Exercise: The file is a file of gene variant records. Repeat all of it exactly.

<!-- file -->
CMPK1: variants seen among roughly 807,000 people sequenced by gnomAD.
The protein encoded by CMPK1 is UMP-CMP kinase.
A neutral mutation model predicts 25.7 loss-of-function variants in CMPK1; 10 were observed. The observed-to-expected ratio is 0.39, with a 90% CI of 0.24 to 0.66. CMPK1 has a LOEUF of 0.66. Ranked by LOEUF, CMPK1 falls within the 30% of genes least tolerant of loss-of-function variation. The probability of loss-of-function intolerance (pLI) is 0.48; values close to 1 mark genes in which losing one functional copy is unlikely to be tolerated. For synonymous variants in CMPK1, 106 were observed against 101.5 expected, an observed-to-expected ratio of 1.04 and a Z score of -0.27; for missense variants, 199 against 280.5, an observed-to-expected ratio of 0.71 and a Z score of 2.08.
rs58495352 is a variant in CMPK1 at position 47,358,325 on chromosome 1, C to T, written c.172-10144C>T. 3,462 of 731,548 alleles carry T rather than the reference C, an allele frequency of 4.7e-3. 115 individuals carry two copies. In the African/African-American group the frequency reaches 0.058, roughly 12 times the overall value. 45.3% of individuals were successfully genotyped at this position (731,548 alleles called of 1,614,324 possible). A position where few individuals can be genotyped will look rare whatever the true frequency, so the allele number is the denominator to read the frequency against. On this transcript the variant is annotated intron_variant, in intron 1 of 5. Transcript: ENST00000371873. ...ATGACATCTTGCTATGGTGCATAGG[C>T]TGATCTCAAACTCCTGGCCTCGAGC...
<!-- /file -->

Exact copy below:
CMPK1: variants seen among roughly 807,000 people sequenced by gnomAD.
The protein encoded by CMPK1 is UMP-CMP kinase.
A neutral mutation model predicts 25.7 loss-of-function variants in CMPK1; 10 were observed. The observed-to-expected ratio is 0.39, with a 90% CI of 0.24 to 0.66. CMPK1 has a LOEUF of 0.66. Ranked by LOEUF, CMPK1 falls within the 30% of genes least tolerant of loss-of-function variation. The probability of loss-of-function intolerance (pLI) is 0.48; values close to 1 mark genes in which losing one functional copy is unlikely to be tolerated. For synonymous variants in CMPK1, 106 were observed against 101.5 expected, an observed-to-expected ratio of 1.04 and a Z score of -0.27; for missense variants, 199 against 280.5, an observed-to-expected ratio of 0.71 and a Z score of 2.08.
rs58495352 is a variant in CMPK1 at position 47,358,325 on chromosome 1, C to T, written c.172-10144C>T. 3,462 of 731,548 alleles carry T rather than the reference C, an allele frequency of 4.7e-3. 115 individuals carry two copies. In the African/African-American group the frequency reaches 0.058, roughly 12 times the overall value. 45.3% of individuals were successfully genotyped at this position (731,548 alleles called of 1,614,324 possible). A position where few individuals can be genotyped will look rare whatever the true frequency, so the allele number is the denominator to read the frequency against. On this transcript the variant is annotated intron_variant, in intron 1 of 5. Transcript: ENST00000371873. ...ATGACATCTTGCTATGGTGCATAGG[C>T]TGATCTCAAACTCCTGGCCTCGAGC...